This morning I bought a cup of coffee from a small chain restaurant in exchange for using their bathroom.
I gave away the coffee.
Is $2 a fair exchange rate for bathroom access?
In a strictly accounting sense, probably not.
But would I rather trade $2 for peace of mind and not having to go back home to change clothes?
Would I use $2 as a goodwill proxy to encourage small chain restaurants to have public restrooms?
It’s time to add a $5 bill to my poop kit.
Gotta pay that poop tax.
My commute home from work has become a choreographed dance routine, a formation composed of transportation interspersed with side trips to public bathrooms. The timing works perfectly–step off the train, waddle to the bathroom, and get back just in time to catch the next train.
It’s one of the many routines I’ve developed to cope with being in an active period of my disease–something which Caitlin Shetterly is also familiar:
When a person is sick – and chronically sick – nothing is normal. I have to say, I felt a bit like Christina in the famous painting by Andrew Wyeth – everything I longed for seemed just out of reach. And I was at such a tender time in my life – my son was a baby, I’d just handed in a book, I had friends and a family and a husband I wanted to be close to – and yet I felt boxed in by this illness that was like a kind of private, inescapable jail.
Yes–that is exactly it. So boxed in, that private life which is so narrow and utterly impossible to share with others. The routines and coping mechanisms we build up to function in the (brutal) real world, which most of the population would consider weird or pitiable or crazy. And the absolutely painful realization, every once in a while, of how different we are.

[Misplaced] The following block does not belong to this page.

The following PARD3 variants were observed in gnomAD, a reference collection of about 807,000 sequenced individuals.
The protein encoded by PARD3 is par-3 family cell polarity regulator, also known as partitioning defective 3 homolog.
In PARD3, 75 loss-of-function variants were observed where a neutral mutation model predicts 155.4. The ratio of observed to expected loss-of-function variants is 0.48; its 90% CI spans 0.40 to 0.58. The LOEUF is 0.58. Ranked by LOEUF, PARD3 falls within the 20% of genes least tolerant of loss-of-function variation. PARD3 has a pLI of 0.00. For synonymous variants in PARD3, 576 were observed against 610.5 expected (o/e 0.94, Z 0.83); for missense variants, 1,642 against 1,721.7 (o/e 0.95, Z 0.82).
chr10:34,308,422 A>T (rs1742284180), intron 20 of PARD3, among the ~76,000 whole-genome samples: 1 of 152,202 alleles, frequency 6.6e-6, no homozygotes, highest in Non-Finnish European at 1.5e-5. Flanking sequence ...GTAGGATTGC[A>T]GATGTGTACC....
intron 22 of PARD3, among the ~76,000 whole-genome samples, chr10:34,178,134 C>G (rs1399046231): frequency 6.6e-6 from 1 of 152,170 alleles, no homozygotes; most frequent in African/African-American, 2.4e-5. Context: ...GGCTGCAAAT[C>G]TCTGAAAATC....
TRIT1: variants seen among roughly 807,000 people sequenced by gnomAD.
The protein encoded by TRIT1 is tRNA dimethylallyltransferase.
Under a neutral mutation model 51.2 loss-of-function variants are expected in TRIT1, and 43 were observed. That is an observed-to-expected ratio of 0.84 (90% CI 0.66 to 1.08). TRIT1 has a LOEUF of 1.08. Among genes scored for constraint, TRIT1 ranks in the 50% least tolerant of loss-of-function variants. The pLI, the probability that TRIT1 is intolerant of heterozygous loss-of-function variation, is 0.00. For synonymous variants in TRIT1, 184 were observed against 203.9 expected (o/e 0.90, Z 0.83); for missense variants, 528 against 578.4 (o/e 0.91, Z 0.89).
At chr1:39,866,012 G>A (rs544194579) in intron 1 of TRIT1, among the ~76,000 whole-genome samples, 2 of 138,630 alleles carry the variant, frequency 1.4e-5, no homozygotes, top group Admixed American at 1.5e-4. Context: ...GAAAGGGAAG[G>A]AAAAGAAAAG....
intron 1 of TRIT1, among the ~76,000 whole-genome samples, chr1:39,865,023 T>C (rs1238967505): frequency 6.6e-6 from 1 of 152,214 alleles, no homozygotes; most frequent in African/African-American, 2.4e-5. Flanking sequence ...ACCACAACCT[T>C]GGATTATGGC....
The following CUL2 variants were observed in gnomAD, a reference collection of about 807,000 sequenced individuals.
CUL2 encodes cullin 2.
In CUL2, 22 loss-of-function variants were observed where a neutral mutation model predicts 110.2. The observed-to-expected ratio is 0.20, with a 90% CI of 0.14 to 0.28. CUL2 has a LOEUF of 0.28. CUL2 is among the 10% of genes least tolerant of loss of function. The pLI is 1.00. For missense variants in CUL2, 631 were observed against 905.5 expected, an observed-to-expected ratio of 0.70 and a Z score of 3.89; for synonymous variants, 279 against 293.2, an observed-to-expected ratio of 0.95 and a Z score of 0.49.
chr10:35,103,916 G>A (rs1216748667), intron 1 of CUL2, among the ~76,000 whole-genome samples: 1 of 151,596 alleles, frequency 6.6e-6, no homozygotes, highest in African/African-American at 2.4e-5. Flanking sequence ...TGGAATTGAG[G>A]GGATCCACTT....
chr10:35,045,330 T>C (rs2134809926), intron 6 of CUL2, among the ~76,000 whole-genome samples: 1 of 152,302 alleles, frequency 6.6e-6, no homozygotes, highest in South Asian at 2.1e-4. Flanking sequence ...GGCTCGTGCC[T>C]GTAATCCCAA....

I’d really like to go hiking. It’s been months since I’ve been. But to do so now would be foolish, inviting accident and embarrassment. There are no public restrooms in the foothills of Mt. Hood.
If a friend invites me, I’d have to say no. I could try to explain why, but this sort of environmental micro-management is almost impossible to explain to people who have never lived with or cared for someone with a chronic illness that requires outsmarting at every turn.
I work within my own limitations–and try to do so cheerfully–but I recognize that they do prevent me from living an unfettered life. That life exists–I can see it on the horizon, especially on good days–and I can only dance towards it.
But I never quite get there.
The rest of the article is worth a read, too, for reasons having to do with propaganda, personal experience, and science–more on that later.
Today, or rather at 1am last night, as I sat on the toilet for the first time that night, I started to ponder all the different “moods” of my gut. There are so many of them, and I have learned to parse out their different meanings so they are very helpful to me. What I’m not sure about is if I could communicate them to others.
I once sounded like a crazy person in my doctor’s office as I tried to explain that the symptoms I was experiencing (diarrhea, urgency) were not the same as Crohn’s symptoms (diarrhea, urgency) because they came at a different time of day. But this is true–over the course of my life, I’ve learned that a “normal” cranky, inflamed gut means symptoms first thing in the morning. Symptoms at another time of day, to me, mean something else. In this case, it was SIBO.
(A few weeks after that doctor’s visit I passed another SIBO breath test with flying colors, and–as the treatment started working–symptoms returned to normal.)
It’s those finer points of knowing my gut that can mean the difference between a peaceful commute and one where I’m praying with my butt clinched as tight as possible.
Or other things, such as:
- The fine distinction between a wet fart and a fat, dry fart…before you let it rip.